Elisabeth L. Roark wrote an article about angels titled, “Embodying Immortality: Angels in America’s Rural Garden Cemeteries, 1850—1900”, pages 56 – 111, 2007 edition of Markers, XXIV, in which she wrote Catholics had embraced the concept of angels but Protestants were slow to. That changed in the second half of the 19th Century. She explains that there was an “invasion” of angels in rural garden cemeteries, which were for the most part Protestant graveyards. Roark explains in the article that Protestants accepted the concept of angels because they not only expressed a message of consolation but were also utilitarian—these angels performed tasks.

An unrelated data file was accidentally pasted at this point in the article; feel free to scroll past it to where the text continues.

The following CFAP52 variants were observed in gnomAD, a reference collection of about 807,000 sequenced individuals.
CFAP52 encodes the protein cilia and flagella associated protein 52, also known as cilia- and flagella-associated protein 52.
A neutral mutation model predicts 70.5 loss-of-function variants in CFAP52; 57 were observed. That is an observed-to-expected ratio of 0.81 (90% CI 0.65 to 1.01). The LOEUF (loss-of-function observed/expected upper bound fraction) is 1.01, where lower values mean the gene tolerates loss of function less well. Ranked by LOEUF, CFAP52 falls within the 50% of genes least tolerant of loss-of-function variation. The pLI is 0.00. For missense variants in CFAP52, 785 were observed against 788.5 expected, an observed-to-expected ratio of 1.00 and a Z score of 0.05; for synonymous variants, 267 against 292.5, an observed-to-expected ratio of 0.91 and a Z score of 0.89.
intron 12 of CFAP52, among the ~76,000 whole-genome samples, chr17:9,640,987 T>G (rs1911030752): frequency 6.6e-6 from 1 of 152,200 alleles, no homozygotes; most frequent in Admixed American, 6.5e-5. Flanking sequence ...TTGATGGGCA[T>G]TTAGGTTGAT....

In this category of angels, the angels are depicted carrying the soul to Heaven. In most of the examples the author found, the angels were carved in bas-relief because of the complexity of carving them in the round.
All four examples are from the second half of the 19th Century—two from Green-Wood Cemetery at Brooklyn, New York, and two from Spring Grove Cemetery at Cincinnati, Ohio. In all but one case, the angels are bearing children’s souls to Heaven.